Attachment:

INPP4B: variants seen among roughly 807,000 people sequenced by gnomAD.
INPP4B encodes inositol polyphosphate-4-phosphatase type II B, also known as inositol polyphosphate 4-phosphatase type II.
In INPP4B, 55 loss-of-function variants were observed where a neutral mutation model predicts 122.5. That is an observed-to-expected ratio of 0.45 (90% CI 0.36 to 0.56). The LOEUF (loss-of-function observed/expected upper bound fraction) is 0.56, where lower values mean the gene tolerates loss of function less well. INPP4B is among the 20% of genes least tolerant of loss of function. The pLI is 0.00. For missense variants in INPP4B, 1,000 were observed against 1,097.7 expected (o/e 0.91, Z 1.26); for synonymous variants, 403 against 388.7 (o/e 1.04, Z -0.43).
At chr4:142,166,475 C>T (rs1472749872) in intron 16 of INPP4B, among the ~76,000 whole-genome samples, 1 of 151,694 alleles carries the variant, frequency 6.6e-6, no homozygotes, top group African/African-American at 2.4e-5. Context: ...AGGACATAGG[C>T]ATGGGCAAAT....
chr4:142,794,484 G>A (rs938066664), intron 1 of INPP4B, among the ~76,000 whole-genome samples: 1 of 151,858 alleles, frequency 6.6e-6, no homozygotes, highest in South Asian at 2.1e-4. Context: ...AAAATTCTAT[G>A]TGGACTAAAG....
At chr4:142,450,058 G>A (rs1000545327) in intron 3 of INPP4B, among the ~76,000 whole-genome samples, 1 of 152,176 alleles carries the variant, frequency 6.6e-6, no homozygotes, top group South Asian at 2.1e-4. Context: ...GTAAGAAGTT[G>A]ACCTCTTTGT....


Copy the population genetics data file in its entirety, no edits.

INPP4B: variants seen among roughly 807,000 people sequenced by gnomAD.
INPP4B encodes inositol polyphosphate-4-phosphatase type II B, also known as inositol polyphosphate 4-phosphatase type II.
In INPP4B, 55 loss-of-function variants were observed where a neutral mutation model predicts 122.5. That is an observed-to-expected ratio of 0.45 (90% CI 0.36 to 0.56). The LOEUF (loss-of-function observed/expected upper bound fraction) is 0.56, where lower values mean the gene tolerates loss of function less well. INPP4B is among the 20% of genes least tolerant of loss of function. The pLI is 0.00. For missense variants in INPP4B, 1,000 were observed against 1,097.7 expected (o/e 0.91, Z 1.26); for synonymous variants, 403 against 388.7 (o/e 1.04, Z -0.43).
At chr4:142,166,475 C>T (rs1472749872) in intron 16 of INPP4B, among the ~76,000 whole-genome samples, 1 of 151,694 alleles carries the variant, frequency 6.6e-6, no homozygotes, top group African/African-American at 2.4e-5. Context: ...AGGACATAGG[C>T]ATGGGCAAAT....
chr4:142,794,484 G>A (rs938066664), intron 1 of INPP4B, among the ~76,000 whole-genome samples: 1 of 151,858 alleles, frequency 6.6e-6, no homozygotes, highest in South Asian at 2.1e-4. Context: ...AAAATTCTAT[G>A]TGGACTAAAG....
At chr4:142,450,058 G>A (rs1000545327) in intron 3 of INPP4B, among the ~76,000 whole-genome samples, 1 of 152,176 alleles carries the variant, frequency 6.6e-6, no homozygotes, top group South Asian at 2.1e-4. Context: ...GTAAGAAGTT[G>A]ACCTCTTTGT....